Teachers always have been able to teach about religion in public school, yet most Americans don’t know that. Most don’t know, too, that since the 1990s, most state standards have required the study of religion as part of social studies and world geography classes.
Being on legal footing, though, has not kept teachers out of sticky situations. For the last few years, as part of research for a book, I traveled around the country reporting on public schools’ efforts to teach about religion. I spent time in several communities trying to recover from uproars over lessons on religion in the classroom. These were not the disputes of old, about a teacher leading prayer or reciting Bible verses. Preaching is clearly illegal. These were arguments about how religion should be taught as an academic subject.
Let’s take Wellesley Middle School as an example. In the spring of 2010, the suburban Boston school took its sixth-graders on a field trip to a mosque. A male worshipper invited five boys up to pray. A parent chaperone was videoing the field trip for an outside group without anyone’s knowledge, and a furor erupted when that video was released with the title: “Wellesley, Massachusetts students learn to pray to Allah.��� The school system and mosque officials objected to the video, including the contention that students were being swayed to embrace Islam. But, school officials also gave an apology because some mistakes were made. No student should ever have participated in prayer. Many opponents, though, insisted Wellesley should simply not do field trips to houses of worship.
Also in the last few years, in Lumberton, Texas, a world geography teacher let students try on apparel worn by Muslims around the world, including a burka, as part of a lesson on Islam. In Tampa, Florida, various groups, especially those known for anti-Islam sentiment, protested when it was revealed that an imam and head of a Muslim civil rights organization was a guest speaker on Islam for world history classes.
Teachers, though, can take some steps to prevent controversy. Here are tips I gleaned from reporting around the country:
1. Institute a firm observe, don’t participate policy on field trips to houses of worship. Wellesley Middle School better emphasized that policy after the 2010 controversy. It also elected not to go to a house of worship if there was active prayer.
2. Display ritual items or clothing. Don’t try them on. The Lumberton teacher had the best of intentions when she let students try on clothes from around the world, but it’s probably better to just show students the items. She first did that dress-up exercise 15 years ago, before 9/11 and the backlash against Muslims. These are increasingly sensitive times around religion.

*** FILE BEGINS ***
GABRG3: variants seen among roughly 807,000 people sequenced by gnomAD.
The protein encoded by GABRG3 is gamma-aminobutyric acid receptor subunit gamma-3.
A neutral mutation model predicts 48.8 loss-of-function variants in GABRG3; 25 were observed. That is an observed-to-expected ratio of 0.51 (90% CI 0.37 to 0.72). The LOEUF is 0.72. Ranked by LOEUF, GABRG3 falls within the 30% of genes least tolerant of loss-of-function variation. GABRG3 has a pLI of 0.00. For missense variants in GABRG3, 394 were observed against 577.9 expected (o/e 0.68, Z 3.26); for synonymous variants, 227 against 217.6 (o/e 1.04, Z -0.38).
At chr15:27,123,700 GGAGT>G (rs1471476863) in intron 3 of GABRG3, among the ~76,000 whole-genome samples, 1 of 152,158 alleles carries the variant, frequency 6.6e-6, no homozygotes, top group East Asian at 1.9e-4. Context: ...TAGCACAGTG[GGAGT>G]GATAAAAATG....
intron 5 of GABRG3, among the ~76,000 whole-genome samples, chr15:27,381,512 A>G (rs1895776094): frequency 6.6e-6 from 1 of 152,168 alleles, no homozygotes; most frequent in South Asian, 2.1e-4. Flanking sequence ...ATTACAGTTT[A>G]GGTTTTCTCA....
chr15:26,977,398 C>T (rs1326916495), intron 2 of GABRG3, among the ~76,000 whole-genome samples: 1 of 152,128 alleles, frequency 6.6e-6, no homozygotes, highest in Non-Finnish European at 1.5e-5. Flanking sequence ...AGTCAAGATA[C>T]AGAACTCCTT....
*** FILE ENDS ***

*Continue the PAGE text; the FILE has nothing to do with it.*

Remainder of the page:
3. Use the most neutral guest speaker possible. Check out A Teacher’s Guide to Religion in the Public Schools, published by the First Amendment Center, for advice on guest speakers. The center recommends religion scholars rather than clergy, who may have commitments to their own faith.
4. Teach, don’t preach. In other words, train teachers and administrators about the First Amendment. Modesto, California, schools require all high school students to take a world religions course before graduation. Teachers go through training to learn more about the world’s religions and also master the dos and don’ts for handling religion in public schools. That means no Christmas decorations. Teachers do, however, teach about different religions’ holidays.
5. Educate yourself. Parents of minority faiths told me about gaffes by teachers who were giving lessons on Christianity, Judaism, Islam, Hinduism and other faiths. I visited an elementary school where children learn about religion in first through fifth grade as part of social studies. Teachers said they did not receive training about different religions. Schools and communities should work together to fill teachers’ knowledge gap.
Controversies likely will always occur over courses on religion even if teachers do everything right. Just last fall, a parent in Revere, Mass., complained to a Boston-area TV station about seeing something about Islam in his son’s textbook. The parent pulled his son out of the social studies middle school class. The schools superintendent responded that Revere was simply teaching about religion as a part of history. There was no conversion going on. It was just the facts. That father, though, may be all too typical; he thought religion should not be taught in the schools. Only 36 percent of Americans, according to a Pew Research Center poll, know that it’s legal for schools to offer a comparative religions course.